Manufacturers urged to embrace ‘Fourth Industrial Revolution’

The warnings are clear. For the ‘fourth industrial revolution’ to succeed it requires transformational change at a pace that many UK manufacturers are not matching.

Some don’t understand how it will affect their business, according to industry watchers. Meanwhile, the availability of talent is seen as the main obstacle to realising the benefits of ‘Industry 4.0’ investments. And in some cases the adoption of these new technologies is viewed as a ‘bolt-on’, rather than central to business future plans.

These are just some of the findings of two recent reports from KPMG. There is also growing concern that manufacturers are putting investment decisions on hold because of Brexit uncertainty.

Philip Harris, associate partner and Industry 4.0 leader at KPMG in the UK, said: “Industry 4.

Phil Harris

0 presents a huge opportunity for the UK’s manufacturers to improve productivity, but it could also be a threat to those who don’t embrace it and fall even further behind. They have a chance to catch up, but only if they act now.”

KPMG has also warned chief executives in manufacturing businesses “need to do more” to close the gap between business strategy and tech investments.

It said: “Our conversations with manufacturing leaders highlight that one of the central reasons technology implementations fail is lack of buy-in from existing talent.”

However, there is cause for optimism in the North. Rob Elvin, managing partner at Squire Patton Boggs, said this part of the UK is driving the manufacturing and technology agenda forward. “It is what the North does,” he added.

He also believes that momentum is beginning to pick up again in advanced manufacturing, with a number of innovative projects on both sides of the Pennines leading the way, including advances in graphene

June Smith



However, he urges more action to drive the government’s Industrial Strategy forward, believing Brexit has put it on the back burner. Elvin added: “Unfortunately so much time, effort and political capital is being spent on just one single issue at the moment.”

June Smith is North of England regional membership manager at Make UK (formerly the EEF) and is based in Sheffield. She believes helping Yorkshire SMEs to understand digitalisation and what it can deliver for them is key to the sector’s future success and bridging the skills gap.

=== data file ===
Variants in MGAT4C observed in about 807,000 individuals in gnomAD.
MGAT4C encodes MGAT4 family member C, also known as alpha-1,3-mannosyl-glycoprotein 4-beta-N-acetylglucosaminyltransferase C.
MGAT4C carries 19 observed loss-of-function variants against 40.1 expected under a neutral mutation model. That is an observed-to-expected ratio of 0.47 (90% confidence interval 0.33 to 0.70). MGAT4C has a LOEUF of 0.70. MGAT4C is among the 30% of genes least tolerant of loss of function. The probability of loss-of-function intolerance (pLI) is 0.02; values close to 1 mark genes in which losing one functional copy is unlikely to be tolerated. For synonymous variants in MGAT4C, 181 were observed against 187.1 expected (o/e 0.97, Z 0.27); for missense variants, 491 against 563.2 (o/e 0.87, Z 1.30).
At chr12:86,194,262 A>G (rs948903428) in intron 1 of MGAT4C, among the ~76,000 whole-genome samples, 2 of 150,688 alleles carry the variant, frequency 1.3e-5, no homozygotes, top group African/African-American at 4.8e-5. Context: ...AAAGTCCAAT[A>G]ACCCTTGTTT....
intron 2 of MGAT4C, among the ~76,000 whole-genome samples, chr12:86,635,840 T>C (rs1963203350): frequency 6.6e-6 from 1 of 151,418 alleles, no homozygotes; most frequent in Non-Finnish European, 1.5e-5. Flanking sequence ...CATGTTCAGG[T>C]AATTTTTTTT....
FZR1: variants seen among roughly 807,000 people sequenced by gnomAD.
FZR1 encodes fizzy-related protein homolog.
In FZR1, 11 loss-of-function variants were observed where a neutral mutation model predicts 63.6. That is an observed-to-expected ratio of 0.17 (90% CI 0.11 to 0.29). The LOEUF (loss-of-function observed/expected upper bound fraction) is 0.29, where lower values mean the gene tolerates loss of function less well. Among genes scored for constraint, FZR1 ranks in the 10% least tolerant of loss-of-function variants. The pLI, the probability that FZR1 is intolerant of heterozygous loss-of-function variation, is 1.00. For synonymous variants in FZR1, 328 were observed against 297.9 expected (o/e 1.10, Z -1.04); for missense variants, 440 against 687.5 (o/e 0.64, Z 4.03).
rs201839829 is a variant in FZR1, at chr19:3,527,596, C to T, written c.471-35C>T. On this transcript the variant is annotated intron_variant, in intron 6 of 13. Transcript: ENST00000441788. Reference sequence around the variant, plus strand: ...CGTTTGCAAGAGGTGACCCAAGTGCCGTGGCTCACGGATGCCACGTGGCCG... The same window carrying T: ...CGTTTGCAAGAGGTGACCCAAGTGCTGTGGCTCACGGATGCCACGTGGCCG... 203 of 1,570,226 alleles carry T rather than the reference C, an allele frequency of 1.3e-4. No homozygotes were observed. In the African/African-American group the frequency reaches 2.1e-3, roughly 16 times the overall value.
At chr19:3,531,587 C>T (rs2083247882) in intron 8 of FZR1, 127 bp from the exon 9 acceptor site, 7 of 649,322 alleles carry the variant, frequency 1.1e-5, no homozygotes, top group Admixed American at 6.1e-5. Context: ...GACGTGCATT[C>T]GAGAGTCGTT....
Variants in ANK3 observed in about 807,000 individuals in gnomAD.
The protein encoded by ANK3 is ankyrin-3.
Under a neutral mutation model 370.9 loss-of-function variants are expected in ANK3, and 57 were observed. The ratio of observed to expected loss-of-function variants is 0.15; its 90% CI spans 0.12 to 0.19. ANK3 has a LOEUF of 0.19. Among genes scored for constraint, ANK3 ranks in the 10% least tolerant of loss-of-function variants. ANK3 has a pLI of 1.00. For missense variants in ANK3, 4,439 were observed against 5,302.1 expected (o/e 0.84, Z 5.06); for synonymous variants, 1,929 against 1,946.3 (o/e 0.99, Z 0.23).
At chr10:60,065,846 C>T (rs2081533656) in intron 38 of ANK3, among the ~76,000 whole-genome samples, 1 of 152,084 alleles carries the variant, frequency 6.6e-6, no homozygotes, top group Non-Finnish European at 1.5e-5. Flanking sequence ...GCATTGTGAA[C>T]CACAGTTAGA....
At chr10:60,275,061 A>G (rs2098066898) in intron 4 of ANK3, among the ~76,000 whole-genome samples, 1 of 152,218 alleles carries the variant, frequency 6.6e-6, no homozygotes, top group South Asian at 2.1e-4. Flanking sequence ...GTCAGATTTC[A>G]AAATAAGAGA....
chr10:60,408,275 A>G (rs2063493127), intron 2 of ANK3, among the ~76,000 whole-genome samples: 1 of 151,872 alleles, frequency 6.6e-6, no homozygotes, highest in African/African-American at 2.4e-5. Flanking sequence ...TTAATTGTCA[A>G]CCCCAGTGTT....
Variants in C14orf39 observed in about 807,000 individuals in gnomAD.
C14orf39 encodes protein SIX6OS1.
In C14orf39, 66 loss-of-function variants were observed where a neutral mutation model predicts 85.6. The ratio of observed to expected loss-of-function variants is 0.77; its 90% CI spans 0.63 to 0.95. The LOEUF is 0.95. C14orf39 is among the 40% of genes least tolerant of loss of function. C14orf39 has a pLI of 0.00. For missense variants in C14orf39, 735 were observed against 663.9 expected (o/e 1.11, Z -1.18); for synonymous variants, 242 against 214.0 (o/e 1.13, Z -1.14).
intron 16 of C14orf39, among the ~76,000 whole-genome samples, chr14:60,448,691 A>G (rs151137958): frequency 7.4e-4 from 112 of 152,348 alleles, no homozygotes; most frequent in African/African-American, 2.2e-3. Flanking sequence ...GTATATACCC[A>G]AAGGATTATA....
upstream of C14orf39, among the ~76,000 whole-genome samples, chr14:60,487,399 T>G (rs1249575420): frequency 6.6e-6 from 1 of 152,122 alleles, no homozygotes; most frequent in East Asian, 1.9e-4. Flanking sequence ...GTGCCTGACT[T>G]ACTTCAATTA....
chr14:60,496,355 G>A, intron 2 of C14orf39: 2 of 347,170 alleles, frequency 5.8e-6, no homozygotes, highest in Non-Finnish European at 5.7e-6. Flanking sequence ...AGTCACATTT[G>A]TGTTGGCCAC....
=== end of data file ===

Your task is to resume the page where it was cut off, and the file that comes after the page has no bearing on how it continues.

Smith said: “It is about looking at what a particular business needs and what is relevant to them. We also need people to demystify things for businesses.” She believes that businesses that have embarked on their digital journey can play a part in this by opening their doors to other manufacturers and showing them what good practice is.”

Jon Hughes

Smith also said there is another message that needs to be delivered to Yorkshire SMEs – that technology is not going to take jobs but is going to make them more productive. She added: “It is not about taking jobs, it is about future-proofing your business. It has to be about dispelling myths and understanding what is right for you.


“Look at return on investment, look at how someone else is doing it. It is about moving people forward.”

Jon Hughes, who leads KPMG’s Operations Consulting practice in the North, said supply chain companies are generally behind where they should be when it comes to adopting new technologies. He added: “If you look at it historically, the UK has under-invested in technology compared to the US.”

Hughes also echoes warnings from Make UK that Brexit uncertainty has become a big issue for manufacturers. “We are seeing investment delayed because of Brexit,” he added.

Make UK’s chief executive Stephen Phipson has said that more than 70% of its members have frozen investment.

Hughes added: “People need to decide whether they are going to go for it and really get on board and make the most of Industry 4.0. If they don’t, their competitors will.”